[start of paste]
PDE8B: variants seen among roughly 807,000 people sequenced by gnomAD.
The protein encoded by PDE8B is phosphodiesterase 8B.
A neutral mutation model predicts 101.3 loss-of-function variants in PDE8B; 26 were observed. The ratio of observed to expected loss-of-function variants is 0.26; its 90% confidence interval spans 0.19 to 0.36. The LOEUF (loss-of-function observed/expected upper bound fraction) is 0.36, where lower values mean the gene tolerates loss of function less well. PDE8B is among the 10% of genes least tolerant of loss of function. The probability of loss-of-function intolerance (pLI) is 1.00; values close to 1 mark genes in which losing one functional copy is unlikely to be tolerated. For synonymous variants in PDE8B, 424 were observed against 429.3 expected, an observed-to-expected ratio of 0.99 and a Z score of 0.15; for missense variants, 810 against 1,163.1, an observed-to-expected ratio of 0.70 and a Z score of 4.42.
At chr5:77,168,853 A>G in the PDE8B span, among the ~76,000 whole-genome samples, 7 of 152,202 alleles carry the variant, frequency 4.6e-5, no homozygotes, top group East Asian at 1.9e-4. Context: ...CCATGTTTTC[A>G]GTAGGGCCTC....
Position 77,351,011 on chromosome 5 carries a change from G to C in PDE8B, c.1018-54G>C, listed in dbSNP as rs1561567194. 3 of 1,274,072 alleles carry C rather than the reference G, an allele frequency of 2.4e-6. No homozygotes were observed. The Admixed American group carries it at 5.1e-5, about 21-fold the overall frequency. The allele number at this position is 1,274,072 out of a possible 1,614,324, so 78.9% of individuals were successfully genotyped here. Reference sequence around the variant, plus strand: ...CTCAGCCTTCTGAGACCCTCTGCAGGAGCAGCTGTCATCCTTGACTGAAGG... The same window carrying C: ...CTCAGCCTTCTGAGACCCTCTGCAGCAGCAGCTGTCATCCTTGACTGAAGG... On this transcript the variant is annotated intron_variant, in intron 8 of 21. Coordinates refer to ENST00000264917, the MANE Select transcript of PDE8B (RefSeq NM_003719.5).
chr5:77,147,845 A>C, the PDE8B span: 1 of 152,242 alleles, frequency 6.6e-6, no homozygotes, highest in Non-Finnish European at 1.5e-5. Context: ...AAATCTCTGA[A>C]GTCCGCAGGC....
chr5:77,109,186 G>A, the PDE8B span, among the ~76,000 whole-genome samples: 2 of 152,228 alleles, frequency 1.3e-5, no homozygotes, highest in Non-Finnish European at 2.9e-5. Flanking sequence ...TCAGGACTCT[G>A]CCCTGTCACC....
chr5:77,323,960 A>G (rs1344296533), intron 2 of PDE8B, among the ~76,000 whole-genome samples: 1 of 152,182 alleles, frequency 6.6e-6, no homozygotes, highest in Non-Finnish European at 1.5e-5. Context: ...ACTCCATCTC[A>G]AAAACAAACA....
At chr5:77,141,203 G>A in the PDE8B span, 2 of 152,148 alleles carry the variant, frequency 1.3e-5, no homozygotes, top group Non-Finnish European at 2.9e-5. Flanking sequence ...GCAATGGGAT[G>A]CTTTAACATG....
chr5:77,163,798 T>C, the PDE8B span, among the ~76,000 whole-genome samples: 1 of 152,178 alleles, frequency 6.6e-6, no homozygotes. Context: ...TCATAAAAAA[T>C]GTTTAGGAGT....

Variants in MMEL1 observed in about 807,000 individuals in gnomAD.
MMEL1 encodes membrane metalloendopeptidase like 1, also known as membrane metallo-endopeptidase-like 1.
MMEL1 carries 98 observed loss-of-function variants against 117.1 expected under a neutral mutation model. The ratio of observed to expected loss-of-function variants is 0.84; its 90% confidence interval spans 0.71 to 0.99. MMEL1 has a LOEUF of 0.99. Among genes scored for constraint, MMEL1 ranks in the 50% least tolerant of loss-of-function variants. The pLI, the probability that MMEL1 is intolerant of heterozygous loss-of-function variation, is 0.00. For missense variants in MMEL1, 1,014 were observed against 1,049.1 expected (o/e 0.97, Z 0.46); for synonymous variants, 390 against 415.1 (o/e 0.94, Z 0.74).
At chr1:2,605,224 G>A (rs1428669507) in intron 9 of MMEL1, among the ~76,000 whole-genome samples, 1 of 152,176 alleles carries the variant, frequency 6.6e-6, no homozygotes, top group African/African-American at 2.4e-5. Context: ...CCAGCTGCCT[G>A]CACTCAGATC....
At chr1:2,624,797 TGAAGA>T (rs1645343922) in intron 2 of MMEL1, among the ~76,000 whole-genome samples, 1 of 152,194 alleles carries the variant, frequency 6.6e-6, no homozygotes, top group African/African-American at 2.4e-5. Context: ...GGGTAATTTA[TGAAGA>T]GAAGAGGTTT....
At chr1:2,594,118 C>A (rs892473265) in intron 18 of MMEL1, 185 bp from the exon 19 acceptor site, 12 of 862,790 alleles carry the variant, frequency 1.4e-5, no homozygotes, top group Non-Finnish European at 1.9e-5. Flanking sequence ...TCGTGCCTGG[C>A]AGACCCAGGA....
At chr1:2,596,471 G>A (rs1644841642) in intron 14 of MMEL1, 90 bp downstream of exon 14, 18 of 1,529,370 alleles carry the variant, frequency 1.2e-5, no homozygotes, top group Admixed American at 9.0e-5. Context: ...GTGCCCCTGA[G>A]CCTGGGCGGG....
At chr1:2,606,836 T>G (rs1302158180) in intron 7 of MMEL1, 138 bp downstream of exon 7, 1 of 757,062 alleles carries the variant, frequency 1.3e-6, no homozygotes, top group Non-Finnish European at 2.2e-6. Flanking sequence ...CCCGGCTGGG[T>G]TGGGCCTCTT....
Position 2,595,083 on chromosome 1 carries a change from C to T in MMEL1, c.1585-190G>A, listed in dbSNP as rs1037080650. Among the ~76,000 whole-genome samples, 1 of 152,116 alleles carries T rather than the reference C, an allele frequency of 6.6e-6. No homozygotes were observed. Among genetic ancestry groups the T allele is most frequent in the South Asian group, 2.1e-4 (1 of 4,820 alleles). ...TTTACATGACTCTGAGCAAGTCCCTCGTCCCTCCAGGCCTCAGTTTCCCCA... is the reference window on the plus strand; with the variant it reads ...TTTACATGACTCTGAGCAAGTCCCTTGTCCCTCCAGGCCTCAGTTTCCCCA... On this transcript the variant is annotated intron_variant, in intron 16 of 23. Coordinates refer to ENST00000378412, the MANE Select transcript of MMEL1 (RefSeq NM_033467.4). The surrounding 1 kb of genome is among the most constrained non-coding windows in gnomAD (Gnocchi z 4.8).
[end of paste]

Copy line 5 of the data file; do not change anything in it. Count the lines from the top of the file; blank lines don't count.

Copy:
Position 77,351,011 on chromosome 5 carries a change from G to C in PDE8B, c.1018-54G>C, listed in dbSNP as rs1561567194. 3 of 1,274,072 alleles carry C rather than the reference G, an allele frequency of 2.4e-6. No homozygotes were observed. The Admixed American group carries it at 5.1e-5, about 21-fold the overall frequency. The allele number at this position is 1,274,072 out of a possible 1,614,324, so 78.9% of individuals were successfully genotyped here. Reference sequence around the variant, plus strand: ...CTCAGCCTTCTGAGACCCTCTGCAGGAGCAGCTGTCATCCTTGACTGAAGG... The same window carrying C: ...CTCAGCCTTCTGAGACCCTCTGCAGCAGCAGCTGTCATCCTTGACTGAAGG... On this transcript the variant is annotated intron_variant, in intron 8 of 21. Coordinates refer to ENST00000264917, the MANE Select transcript of PDE8B (RefSeq NM_003719.5).